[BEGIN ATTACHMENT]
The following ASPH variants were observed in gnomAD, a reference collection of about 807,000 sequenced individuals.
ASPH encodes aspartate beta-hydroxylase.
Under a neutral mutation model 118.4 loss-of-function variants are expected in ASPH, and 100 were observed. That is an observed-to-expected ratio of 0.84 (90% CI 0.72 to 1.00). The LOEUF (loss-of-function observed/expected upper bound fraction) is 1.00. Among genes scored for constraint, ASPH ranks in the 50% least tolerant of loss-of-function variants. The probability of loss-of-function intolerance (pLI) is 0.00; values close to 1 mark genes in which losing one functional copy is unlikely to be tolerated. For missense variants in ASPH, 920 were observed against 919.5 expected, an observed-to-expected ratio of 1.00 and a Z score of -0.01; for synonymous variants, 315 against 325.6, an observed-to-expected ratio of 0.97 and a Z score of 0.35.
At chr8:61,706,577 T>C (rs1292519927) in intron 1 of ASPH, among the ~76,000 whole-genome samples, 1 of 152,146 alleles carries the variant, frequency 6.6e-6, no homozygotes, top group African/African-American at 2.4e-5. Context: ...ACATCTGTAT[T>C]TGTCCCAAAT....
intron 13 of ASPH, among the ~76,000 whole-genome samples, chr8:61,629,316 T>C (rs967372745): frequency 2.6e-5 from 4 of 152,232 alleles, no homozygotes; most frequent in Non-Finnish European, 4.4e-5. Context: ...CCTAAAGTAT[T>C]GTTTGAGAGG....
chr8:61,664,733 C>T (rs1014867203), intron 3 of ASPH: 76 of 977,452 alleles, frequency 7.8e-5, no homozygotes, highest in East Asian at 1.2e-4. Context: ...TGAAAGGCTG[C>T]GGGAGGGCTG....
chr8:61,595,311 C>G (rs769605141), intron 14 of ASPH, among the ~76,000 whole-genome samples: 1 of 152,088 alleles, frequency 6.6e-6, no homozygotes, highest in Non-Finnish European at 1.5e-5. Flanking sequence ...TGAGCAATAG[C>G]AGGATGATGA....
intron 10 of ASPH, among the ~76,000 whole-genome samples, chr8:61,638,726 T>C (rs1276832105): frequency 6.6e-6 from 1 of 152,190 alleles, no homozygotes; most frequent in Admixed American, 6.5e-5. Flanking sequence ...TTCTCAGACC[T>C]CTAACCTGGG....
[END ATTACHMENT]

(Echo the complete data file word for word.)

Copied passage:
The following ASPH variants were observed in gnomAD, a reference collection of about 807,000 sequenced individuals.
ASPH encodes aspartate beta-hydroxylase.
Under a neutral mutation model 118.4 loss-of-function variants are expected in ASPH, and 100 were observed. That is an observed-to-expected ratio of 0.84 (90% CI 0.72 to 1.00). The LOEUF (loss-of-function observed/expected upper bound fraction) is 1.00. Among genes scored for constraint, ASPH ranks in the 50% least tolerant of loss-of-function variants. The probability of loss-of-function intolerance (pLI) is 0.00; values close to 1 mark genes in which losing one functional copy is unlikely to be tolerated. For missense variants in ASPH, 920 were observed against 919.5 expected, an observed-to-expected ratio of 1.00 and a Z score of -0.01; for synonymous variants, 315 against 325.6, an observed-to-expected ratio of 0.97 and a Z score of 0.35.
At chr8:61,706,577 T>C (rs1292519927) in intron 1 of ASPH, among the ~76,000 whole-genome samples, 1 of 152,146 alleles carries the variant, frequency 6.6e-6, no homozygotes, top group African/African-American at 2.4e-5. Context: ...ACATCTGTAT[T>C]TGTCCCAAAT....
intron 13 of ASPH, among the ~76,000 whole-genome samples, chr8:61,629,316 T>C (rs967372745): frequency 2.6e-5 from 4 of 152,232 alleles, no homozygotes; most frequent in Non-Finnish European, 4.4e-5. Context: ...CCTAAAGTAT[T>C]GTTTGAGAGG....
chr8:61,664,733 C>T (rs1014867203), intron 3 of ASPH: 76 of 977,452 alleles, frequency 7.8e-5, no homozygotes, highest in East Asian at 1.2e-4. Context: ...TGAAAGGCTG[C>T]GGGAGGGCTG....
chr8:61,595,311 C>G (rs769605141), intron 14 of ASPH, among the ~76,000 whole-genome samples: 1 of 152,088 alleles, frequency 6.6e-6, no homozygotes, highest in Non-Finnish European at 1.5e-5. Flanking sequence ...TGAGCAATAG[C>G]AGGATGATGA....
intron 10 of ASPH, among the ~76,000 whole-genome samples, chr8:61,638,726 T>C (rs1276832105): frequency 6.6e-6 from 1 of 152,190 alleles, no homozygotes; most frequent in Admixed American, 6.5e-5. Flanking sequence ...TTCTCAGACC[T>C]CTAACCTGGG....